socat -v tcp-listen:1234,reuseaddr tcp:your-smtp-server.foo:25
Here, "your-smtp-server.foo" is you regular SMTP server, and 25 is the port used for SMTP. Now you have to tell your mail client to use the local computer to send mail. For the text-based mailer pine (and its successor alpine), this is the smtp-server variable in the .pinerc configuration file. Set it to:
Then try sending a short test email. The output of socat on my system is:
< 2013/03/09 18:09:24.050035 length=57 from=0 to=56 220 your-smtp-server.foo ESMTP RZmta 31.19 ready\r > 2013/03/09 18:09:24.050430 length=25 from=0 to=24 EHLO schizo.localdomain\r < 2013/03/09 18:09:24.093368 length=219 from=57 to=275 250-your-smtp-server.foo greets 18.104.22.168\r 250-ENHANCEDSTATUSCODES\r 250-8BITMIME\r 250-PIPELINING\r 250-DELIVERBY\r 250-SIZE 104857600\r 250-AUTH SCRAM-SHA-1 DIGEST-MD5 CRAM-MD5 LOGIN PLAIN\r 250-STARTTLS\r 250 HELP\r > 2013/03/09 18:09:24.093928 length=10 from=25 to=34 STARTTLS\r < 2013/03/09 18:09:24.136984 length=24 from=276 to=299 220 Ready to start TLS\r > 2013/03/09 18:09:24.137291 length=228 from=35 to=262 ...
Differently from HTTP, here the server starts the communication. The client replies with a EHLO instead of HELO, querying the server's capabilities. (Yes, my computer really has that host name ;D) The mail client then starts an encrypted connection, and the remainder of the communication, indicated by the ellipsis, is unreadable. Thankfully socat replaces unprintable characters by dots. If you really want to view binary data, you can replace socat's -v option with -x. Then everything except the transfer direction/time/size lines produced by socat is in hexadecimal.
The other direction — retrieving mail — is the more dangerous operation, as your mail may be lost if you delete it from the server without properly saving it locally. To be cautious, I will be using my mail backup script in "list" mode for the following experiments. This script never deletes anything, and listing mail on the server is not a dangerous operation. If your mail client can be made to do the same thing (just list mail, no retrieval), you are probably safe trying this out.
As before, we set up our socat relay between the mail (IMAP) server and a local port:
socat -v tcp-listen:1234,reuseaddr tcp:imap.yourprovider.com:143
Then the IMAP server of the mail client used has to be set to the local host (127.0.0.1) and the port 1234. In the case of mailbackup, this is comparatively easy: The options PeerAddr => "127.0.0.1", IMAPPort => 1234, ConnectMethod => "PLAIN" have to be added in the connect method of the IMAP::Client object. The last option disables encryption so we can read the communication.
In my example, the output is:
< 2013/03/17 19:52:05.355560 length=208 from=0 to=207 * OK [CAPABILITY IMAP4 IMAP4rev1 AUTH=SCRAM-SHA-1 AUTH=DIGEST-MD5 AUTH=CRAM-MD5 AUTH=LOGIN AUTH=PLAIN ID IDLE SORT QUOTA NAMESPACE UNSELECT UIDPLUS MULTIAPPEND CHILDREN WITHIN XLIST] IMAP server ready (117)\r > 2013/03/17 19:52:05.356090 length=11 from=0 to=10 0004 NOOP\r < 2013/03/17 19:52:05.408387 length=24 from=208 to=231 0004 OK NOOP completed\r > 2013/03/17 19:52:05.408595 length=46 from=11 to=56 0005 LOGIN email@example.com password\r < 2013/03/17 19:52:05.459986 length=30 from=232 to=261 0005 OK User logged in (344)\r > 2013/03/17 19:52:05.460176 length=22 from=57 to=78 0006 EXAMINE "INBOX"\r < 2013/03/17 19:52:05.525841 length=278 from=262 to=539 * FLAGS (\\Answered \\Flagged \\Deleted \\Seen \\Draft \\Forwarded)\r * 181 EXISTS\r * 181 RECENT\r * OK [UNSEEN 1]\r * OK [PERMANENTFLAGS (\\* \\Answered \\Flagged \\Deleted \\Seen \\Draft \\Forwarded)]\r * OK [UIDNEXT 778]\r * OK [UIDVALIDITY 1199367148]\r 0006 OK [READ-ONLY] EXAMINE completed\r > 2013/03/17 19:52:05.526531 length=39 from=79 to=117 0007 FETCH 1:* (ENVELOPE RFC822.SIZE)\r < 2013/03/17 19:52:05.581956 length=20 from=540 to=559 * 1 FETCH (ENVELOPE < 2013/03/17 19:52:05.590854 length=315 from=560 to=874 ... 0007 OK FETCH complete\r > 2013/03/17 19:52:06.664428 length=13 from=118 to=130 0008 LOGOUT\r < 2013/03/17 19:52:06.715562 length=40 from=58685 to=58724 * BYE Logout\r 0008 OK LOGOUT completed\r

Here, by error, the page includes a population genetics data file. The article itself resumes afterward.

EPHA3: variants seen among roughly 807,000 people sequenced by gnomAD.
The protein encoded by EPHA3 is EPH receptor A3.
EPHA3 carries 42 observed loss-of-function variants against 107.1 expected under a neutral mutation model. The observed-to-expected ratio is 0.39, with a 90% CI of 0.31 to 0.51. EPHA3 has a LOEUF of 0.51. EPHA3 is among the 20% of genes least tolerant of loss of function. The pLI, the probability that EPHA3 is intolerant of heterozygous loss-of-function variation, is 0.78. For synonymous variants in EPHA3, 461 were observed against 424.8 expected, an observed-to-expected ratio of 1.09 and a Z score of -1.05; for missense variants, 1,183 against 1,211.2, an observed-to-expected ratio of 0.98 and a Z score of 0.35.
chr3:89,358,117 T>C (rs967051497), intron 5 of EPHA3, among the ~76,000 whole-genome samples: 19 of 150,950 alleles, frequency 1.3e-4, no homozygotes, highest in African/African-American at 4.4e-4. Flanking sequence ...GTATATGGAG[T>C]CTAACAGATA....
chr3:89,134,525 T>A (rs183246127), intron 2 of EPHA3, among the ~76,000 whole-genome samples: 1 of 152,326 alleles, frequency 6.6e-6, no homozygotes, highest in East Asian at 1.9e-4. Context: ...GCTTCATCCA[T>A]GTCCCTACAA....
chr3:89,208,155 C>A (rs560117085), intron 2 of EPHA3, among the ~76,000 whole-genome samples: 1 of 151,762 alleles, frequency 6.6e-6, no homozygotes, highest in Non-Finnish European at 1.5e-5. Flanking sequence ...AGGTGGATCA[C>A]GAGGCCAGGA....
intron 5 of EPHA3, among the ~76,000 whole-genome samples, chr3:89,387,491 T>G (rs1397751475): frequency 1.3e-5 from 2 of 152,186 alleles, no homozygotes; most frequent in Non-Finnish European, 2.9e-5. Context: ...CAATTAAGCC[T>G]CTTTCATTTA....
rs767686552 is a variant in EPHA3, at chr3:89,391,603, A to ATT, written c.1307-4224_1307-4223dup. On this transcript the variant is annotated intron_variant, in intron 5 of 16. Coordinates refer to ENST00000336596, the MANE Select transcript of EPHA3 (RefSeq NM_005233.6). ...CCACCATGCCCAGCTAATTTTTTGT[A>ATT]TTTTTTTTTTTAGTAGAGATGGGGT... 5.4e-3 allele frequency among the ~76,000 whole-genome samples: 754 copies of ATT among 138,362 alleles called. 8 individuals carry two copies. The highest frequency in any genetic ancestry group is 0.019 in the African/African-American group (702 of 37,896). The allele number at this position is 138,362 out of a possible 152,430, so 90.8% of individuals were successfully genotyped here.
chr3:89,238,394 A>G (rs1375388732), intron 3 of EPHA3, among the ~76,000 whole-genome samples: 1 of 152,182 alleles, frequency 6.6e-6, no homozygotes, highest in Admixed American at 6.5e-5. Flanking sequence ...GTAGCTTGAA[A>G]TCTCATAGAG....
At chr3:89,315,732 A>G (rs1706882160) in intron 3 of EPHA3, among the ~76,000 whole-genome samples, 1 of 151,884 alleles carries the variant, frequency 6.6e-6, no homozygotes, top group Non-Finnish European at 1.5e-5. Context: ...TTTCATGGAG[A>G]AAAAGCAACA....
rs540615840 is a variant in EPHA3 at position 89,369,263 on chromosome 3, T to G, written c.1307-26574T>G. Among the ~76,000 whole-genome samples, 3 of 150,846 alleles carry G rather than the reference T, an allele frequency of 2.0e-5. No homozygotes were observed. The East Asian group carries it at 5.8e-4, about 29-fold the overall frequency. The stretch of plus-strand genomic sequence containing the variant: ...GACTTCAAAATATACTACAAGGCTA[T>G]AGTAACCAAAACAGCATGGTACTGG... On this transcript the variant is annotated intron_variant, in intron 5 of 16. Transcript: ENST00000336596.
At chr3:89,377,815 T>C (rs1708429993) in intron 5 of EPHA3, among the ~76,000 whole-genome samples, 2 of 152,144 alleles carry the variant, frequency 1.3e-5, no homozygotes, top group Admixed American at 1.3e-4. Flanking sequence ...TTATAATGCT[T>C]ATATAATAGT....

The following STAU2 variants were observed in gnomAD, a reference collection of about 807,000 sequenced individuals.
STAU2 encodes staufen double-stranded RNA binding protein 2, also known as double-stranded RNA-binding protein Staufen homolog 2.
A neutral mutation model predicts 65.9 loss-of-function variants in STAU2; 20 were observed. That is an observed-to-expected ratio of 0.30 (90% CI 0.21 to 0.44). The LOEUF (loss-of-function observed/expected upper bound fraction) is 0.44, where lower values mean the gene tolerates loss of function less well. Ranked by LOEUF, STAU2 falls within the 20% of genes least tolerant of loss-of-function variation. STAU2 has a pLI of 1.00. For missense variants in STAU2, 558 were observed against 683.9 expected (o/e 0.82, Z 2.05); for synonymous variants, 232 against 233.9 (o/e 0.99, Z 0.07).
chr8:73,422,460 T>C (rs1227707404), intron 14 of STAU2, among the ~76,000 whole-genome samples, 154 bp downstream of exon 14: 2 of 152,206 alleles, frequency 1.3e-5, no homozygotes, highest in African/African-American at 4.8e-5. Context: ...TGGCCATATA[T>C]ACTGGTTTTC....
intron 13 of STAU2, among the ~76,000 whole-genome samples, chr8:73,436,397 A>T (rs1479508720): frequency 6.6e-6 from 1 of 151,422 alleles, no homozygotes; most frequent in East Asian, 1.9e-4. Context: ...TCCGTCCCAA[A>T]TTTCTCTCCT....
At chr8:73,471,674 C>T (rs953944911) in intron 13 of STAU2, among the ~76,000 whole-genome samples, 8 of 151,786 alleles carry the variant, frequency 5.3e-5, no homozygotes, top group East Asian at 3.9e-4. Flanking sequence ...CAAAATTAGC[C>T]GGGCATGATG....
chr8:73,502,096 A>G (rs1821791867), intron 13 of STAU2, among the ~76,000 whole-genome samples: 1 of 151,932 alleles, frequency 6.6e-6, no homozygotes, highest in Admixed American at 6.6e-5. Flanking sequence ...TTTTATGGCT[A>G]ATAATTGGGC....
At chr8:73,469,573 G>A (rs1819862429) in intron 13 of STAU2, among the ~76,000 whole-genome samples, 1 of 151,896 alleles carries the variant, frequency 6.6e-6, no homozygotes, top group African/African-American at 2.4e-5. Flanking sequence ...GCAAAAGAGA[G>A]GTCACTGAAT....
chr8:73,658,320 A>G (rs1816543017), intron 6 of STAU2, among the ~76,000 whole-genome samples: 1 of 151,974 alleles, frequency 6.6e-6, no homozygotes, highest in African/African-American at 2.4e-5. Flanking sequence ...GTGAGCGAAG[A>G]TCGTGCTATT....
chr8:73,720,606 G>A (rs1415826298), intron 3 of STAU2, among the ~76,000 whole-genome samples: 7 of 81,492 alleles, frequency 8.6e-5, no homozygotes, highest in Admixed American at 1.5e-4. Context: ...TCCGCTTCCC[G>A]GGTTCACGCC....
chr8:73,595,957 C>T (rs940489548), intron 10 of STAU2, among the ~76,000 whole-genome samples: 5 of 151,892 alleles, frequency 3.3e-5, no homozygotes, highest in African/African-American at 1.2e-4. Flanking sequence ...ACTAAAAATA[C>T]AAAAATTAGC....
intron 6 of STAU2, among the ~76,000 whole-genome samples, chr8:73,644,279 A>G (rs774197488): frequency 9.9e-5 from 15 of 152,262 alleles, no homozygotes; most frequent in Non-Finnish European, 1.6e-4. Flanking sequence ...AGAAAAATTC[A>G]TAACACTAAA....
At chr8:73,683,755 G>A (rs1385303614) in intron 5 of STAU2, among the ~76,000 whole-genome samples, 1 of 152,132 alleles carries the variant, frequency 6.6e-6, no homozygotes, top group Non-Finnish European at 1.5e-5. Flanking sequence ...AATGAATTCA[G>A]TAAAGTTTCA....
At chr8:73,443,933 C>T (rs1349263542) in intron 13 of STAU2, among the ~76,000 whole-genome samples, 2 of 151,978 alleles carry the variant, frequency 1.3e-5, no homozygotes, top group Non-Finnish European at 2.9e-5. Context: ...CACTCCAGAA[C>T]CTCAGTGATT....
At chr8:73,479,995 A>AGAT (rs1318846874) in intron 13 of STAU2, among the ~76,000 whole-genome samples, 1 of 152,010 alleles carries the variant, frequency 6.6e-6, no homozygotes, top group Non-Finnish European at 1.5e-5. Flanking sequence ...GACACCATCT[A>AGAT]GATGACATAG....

As for SMTP, the server initiates the communication. On line 0005, the authentication data are transmitted in plain because we disabled encryption (obviuosly this is not a good idea normally). The next command sent by my script is a query of the contents of the mailbox (EXAMINE), followed by retrieval of the mail envelopes (metadata; FETCH command). This returns 181 FETCH replies, each followed by the mail metadata in a space-separated quoted string list grouped by parentheses. I have left out all the actual envelopes and all but the first FETCH reply line. The client program then logs out and closes the connection.
Just to give you an example that is not also based on TCP, let's look at name server lookups. They are (usually) based on UDP. As we will see, this is a binary protocol. This time we have to use socat to set up a UDP relay:
socat -x udp-listen:1234,reuseaddr udp:000.000.000.000:53
Note the -x option to output a hex dump. Replace 000.000.000.000 by the numerical IP address of your name server from /etc/resolv.conf. In order to perform the lookup, one can use the dig program. (The host program does not allow to specify a port to contact.) The following command line makes it connect to the relay we have set up:
dig @127.0.0.1 -p 1234 volkerschatz.com
The IP after the @ is the name server to contact, and the number after -p is the port; in this case they refer to the local port of the socat relay. The hex dump of the communication is:
> 2013/03/17 20:23:19.001936 length=45 from=0 to=44 49 66 01 20 00 01 00 00 00 00 00 01 0c 76 6f 6c 6b 65 72 73 63 68 61 74 7a 03 63 6f 6d 00 00 01 00 01 00 00 29 10 00 00 00 00 00 00 00 < 2013/03/17 20:23:19.046846 length=61 from=0 to=60 49 66 81 80 00 01 00 01 00 00 00 01 0c 76 6f 6c 6b 65 72 73 63 68 61 74 7a 03 63 6f 6d 00 00 01 00 01 c0 0c 00 01 00 01 00 00 1c 10 00 04 51 a9 91 46 00 00 29 0f a0 00 00 00 00 00 00
Pretty much the only obvious thing one can discern is the host name volkerschatz.com starting with 76 6f 6c 6b ... (use man ascii to display the ASCII code manual page). Interestingly, the com top-level domain is separated by a byte with value 03, not a dot.
TOS / Impressum